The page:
By Rose Goodman
Skin tags are harmless growths that look a bit like warts, but how do we tell the difference between these and moles that do have the potential to be dangerous?
What are skin tags and how are they caused?
‘Skin tags are growths on the skin which are harmless, but many people choose to have them removed mostly for cosmetic reasons,’ says Jana. ‘They mainly tend to grow in folds of the skin and are made of collagen fibre and blood vessels covered in skin, anyone can develop a skin tag or are born with it, however they tend to develop in older people, those who are obese or those with type 2 diabetes.’
Generally, they appear as a result of loose collagen fibres - collagen is the protein in the body that keeps your skin tight rather than loose.
While skin tags require no treatment and may sometimes naturally fall off on their own, you have the option to have them medically removed if you so wish. For example if the tags catch on clothing, cause you pain or make you feel self-conscious, you have the option.
How do you tell the difference between skin tags and moles?
‘There are certain key differences between a skin tag and a mole,’ says Jana.
‘Moles are usually harmless and won’t cause any pain or annoyance unless rubbed. Moles are usually flat or raised slightly and are usually dark grey or brown in colour whereas skin tags are small soft pieces of skin that usually stick out on a stem - and are the same colour as the skin.
’ You can also tell the difference by checking if there’s hairs; most moles may have hairs, this is usually a good indicator that it is a mole and not a tag.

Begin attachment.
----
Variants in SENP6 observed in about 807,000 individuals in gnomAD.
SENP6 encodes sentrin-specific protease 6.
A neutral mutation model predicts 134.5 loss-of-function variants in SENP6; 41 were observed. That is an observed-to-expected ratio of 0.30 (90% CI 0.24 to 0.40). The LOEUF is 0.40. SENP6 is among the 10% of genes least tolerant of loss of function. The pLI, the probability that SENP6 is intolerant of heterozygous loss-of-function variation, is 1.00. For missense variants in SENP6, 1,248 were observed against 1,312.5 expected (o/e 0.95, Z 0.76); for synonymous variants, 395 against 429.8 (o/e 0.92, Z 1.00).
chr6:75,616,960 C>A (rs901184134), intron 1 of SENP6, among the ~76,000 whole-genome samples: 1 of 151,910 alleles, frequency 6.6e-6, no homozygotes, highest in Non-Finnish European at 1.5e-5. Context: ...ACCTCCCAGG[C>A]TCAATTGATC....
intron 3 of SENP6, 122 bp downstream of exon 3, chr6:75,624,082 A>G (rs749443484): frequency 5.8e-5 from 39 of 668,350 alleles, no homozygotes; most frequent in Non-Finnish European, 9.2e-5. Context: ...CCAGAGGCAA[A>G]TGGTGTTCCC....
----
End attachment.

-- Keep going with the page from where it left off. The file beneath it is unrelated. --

Skin tags may protrude from the surface too, while moles will often not be very high.
What a skin tag looks like
What a mole looks like
Are some people more likely to develop skin tags than others?
Anyone can develop a skin tag or are born with it. However they tend to develop more in:
- older people
- those who are obese
- those with type 2 diabetes
Where do skin tags usually appear?
Skin tags tend to grow in skin folds, where skin rubs against itself.
Skin tags are most commonly found:
- on your neck
- in your armpits
- around your groin
- under your breasts
- on your buttocks
- and rarely on your eyelids
This is why they tend to affect overweight people more who have excess folds of skin and skin chafing.
If you have any concerns about a skin tag or mole, or are considering how to get rid of skin tags, speak to your GP.
Do not remove skin tags yourself at home.
Rose Goodman is a junior health writer and she writes across print titles and websites, such as woman&home, Simply woman&home, Woman, goodto.com and myimperfectlife.com.
Prior to pursuing her career as a writer, Rose obtained a degree in psychology and went on to work in adult mental health for five years, specifically working with people diagnosed with eating disorders, anxiety, depression and OCD. Mental health and wellbeing is something Rose feels incredibly passionate about and believes normalising the conversation around mental illness is something we should all actively strive to do.
Rose has an MA in creative writing from the University of Brighton, and in her spare time enjoys virtual writing workshops and attending literary events. She also loves going to comedy gigs and music festivals.
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